PC, Xbox One
Tacoma faces something of a narrative challenge. Its forebear, Gone Home, relied as much on the potent nostalgia of its setting as it did on narration, letters and recordings. That game’s family home may have been a little larger than most childhood dwellings, but the homemade music cassettes, bedroom collages and folders of schoolwork conjured up an overpowering familiarity that told a story all of its own. Fullbright’s second game doesn’t just abandon its predecessor’s setting, it leaves Earth behind altogether.
“After we made Gone Home, we were like, ‘Well, we know what we’re good at now, and we’ve got a lot better at it’, so we thought about how we could use our strengths without being bored to tears,” explains story editor and co-founder Karla Zimonja. “And so Steve [Gaynor, co-founder] came up with the idea of setting it on a space station. I said, ‘Are you kidding me, Steve?’ And I fought about it for a while and was like, ‘Well, all right, but it’s going to be hard!’ Because it’s so much easier with Gone Home: you just go to a thrift store and look at furniture and it’s: ‘That’s what I’m going to do!’ We can’t do that with space. We can’t just go up to the space station and be like, ‘Oh, let’s use that’.
Fullbright has drawn inspiration from other places instead. The Lunar Transfer Station Tacoma is ornate, partially carpeted, and lushly decorated with ferns and flowers. Built to accommodate the booming space tourism trade of the game’s not-too-distant future, the station has been made for customers, which explains its grand aesthetic. And there’s something of BioShock’s Rapture here in the arches, gold detailing and the foreboding atmosphere of an experiment gone awry. It’s not a surprising allusion given that both Gaynor and Zimonja worked on BioShock 2’s Minerva’s Den DLC.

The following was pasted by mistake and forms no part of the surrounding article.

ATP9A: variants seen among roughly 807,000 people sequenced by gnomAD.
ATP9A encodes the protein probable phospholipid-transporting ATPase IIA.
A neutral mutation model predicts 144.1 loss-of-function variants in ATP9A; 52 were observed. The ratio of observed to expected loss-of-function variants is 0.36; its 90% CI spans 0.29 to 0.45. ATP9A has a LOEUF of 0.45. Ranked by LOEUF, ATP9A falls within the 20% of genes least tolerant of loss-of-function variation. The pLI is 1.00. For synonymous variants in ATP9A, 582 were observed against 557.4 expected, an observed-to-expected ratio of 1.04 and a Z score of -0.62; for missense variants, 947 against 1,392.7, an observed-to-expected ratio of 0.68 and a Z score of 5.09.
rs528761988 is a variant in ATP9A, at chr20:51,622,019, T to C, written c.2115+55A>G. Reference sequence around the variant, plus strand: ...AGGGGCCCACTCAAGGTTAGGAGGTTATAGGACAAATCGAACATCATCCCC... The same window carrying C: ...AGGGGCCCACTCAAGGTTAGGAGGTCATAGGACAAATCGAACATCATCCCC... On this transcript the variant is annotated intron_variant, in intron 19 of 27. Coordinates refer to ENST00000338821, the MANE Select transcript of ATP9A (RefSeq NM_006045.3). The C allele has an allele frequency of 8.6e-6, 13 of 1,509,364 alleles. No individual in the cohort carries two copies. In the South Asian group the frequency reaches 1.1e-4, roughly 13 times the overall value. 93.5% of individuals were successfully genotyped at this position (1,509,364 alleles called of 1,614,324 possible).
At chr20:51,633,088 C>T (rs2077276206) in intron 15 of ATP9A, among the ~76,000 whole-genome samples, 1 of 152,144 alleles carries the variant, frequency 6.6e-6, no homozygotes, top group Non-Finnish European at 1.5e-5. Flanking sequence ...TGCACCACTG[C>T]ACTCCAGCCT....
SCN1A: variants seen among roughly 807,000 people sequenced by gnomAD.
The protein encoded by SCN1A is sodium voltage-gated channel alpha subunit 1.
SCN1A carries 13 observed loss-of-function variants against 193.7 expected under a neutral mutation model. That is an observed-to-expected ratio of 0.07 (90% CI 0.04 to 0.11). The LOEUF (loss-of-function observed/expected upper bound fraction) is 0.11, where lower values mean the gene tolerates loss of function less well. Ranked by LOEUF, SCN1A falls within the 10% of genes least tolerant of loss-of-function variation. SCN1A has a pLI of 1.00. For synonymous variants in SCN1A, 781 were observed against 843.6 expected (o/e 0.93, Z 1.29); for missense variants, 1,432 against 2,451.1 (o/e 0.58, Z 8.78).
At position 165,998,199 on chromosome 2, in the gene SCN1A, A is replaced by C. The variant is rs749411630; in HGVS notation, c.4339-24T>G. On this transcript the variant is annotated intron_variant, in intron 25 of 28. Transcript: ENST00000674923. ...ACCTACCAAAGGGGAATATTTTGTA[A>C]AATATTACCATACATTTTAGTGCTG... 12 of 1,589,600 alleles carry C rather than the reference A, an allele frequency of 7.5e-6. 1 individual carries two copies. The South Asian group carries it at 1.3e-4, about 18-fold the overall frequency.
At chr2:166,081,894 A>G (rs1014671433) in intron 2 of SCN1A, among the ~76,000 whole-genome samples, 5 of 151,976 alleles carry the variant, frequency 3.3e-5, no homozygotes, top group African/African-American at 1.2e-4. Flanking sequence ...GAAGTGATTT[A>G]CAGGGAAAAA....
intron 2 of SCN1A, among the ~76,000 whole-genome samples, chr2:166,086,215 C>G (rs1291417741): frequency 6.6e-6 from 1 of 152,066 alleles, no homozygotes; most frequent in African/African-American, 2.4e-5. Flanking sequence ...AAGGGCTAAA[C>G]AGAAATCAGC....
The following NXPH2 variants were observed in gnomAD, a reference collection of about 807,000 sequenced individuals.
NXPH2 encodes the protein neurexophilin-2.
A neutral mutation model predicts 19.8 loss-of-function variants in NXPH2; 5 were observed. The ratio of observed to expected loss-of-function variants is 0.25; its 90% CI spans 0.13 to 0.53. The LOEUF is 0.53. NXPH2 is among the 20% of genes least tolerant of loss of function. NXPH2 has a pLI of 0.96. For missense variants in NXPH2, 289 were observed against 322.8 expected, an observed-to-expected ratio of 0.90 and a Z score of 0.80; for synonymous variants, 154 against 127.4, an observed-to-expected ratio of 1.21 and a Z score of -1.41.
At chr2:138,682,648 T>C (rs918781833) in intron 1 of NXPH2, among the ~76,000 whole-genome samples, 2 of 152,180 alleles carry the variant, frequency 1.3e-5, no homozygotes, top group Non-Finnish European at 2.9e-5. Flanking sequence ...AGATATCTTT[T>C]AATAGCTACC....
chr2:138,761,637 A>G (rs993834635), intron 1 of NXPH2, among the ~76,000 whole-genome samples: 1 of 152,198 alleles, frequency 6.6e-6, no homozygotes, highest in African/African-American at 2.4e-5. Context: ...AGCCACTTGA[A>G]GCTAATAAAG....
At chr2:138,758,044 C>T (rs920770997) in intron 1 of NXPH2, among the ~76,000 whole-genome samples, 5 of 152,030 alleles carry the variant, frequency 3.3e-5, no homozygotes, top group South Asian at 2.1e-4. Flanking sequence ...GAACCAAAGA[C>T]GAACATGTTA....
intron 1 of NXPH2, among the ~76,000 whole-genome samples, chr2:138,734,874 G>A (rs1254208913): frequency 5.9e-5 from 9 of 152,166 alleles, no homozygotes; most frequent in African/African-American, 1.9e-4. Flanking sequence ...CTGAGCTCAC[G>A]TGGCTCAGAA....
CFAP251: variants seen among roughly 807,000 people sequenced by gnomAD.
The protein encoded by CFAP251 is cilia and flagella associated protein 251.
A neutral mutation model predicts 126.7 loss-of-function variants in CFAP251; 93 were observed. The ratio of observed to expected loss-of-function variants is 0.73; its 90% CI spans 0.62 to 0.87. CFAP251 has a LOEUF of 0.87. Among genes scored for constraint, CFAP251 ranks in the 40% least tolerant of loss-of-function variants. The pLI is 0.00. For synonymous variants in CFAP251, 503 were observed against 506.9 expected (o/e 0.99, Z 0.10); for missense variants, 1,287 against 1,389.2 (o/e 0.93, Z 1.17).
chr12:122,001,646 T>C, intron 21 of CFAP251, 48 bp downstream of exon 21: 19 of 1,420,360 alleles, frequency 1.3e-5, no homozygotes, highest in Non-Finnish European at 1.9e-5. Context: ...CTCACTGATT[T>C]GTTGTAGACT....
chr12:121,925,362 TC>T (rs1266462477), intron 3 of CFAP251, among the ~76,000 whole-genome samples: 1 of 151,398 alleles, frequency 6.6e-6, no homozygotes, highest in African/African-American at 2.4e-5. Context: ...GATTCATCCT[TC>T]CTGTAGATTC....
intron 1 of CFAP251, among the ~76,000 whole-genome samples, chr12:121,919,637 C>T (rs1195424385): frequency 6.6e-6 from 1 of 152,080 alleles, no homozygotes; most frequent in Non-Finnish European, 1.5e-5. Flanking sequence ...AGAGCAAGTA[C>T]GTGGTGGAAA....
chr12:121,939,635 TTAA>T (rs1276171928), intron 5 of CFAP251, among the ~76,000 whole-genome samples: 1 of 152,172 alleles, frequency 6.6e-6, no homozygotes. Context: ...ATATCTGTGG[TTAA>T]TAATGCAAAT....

But the space station setting isn’t the team’s biggest challenge. “It’s not the space part that makes things difficult, although we do constantly have to remind ourselves that the story is about the people, and that they’re the most important [aspect],” Zimonja tells us. “Everything, like the plot and the world, is only important when it intersects with the people, and that’s difficult because there are six of them, and they’re all interacting in real time, and you can find evidence of that constantly. That’s just way more people than we had in Gone Home.”
It may be a lot to write for, but these six individuals – encountered as holograms – represent the minimal crew in charge of the expansive Tacoma. Cast as recently hired technician Amy Ferrier, you arrive at your first day on the job to find your colleagues
are physically absent and the station awash with floating packaged food and other items. Voiced by Sarah Grayson, who also leant her talents to Gone Home’s Sam, Ferrier must piece together what happened from diary entries, messages and recordings.
These recordings are displayed as brightly coloured holograms which play out as 3D videologs. But as well as the different colours applied to each individual’s recordings, the crew are also differentiated by their wildly differing body shapes. The first recording you encounter is a welcome message from station coordinator Evelyn, who is rotund, shorter than the player and, in this form, decidedly purple. When she pops up, it’s hard not to view her as a very deliberate reaction to the less realistic proportions of holographic companions in other games.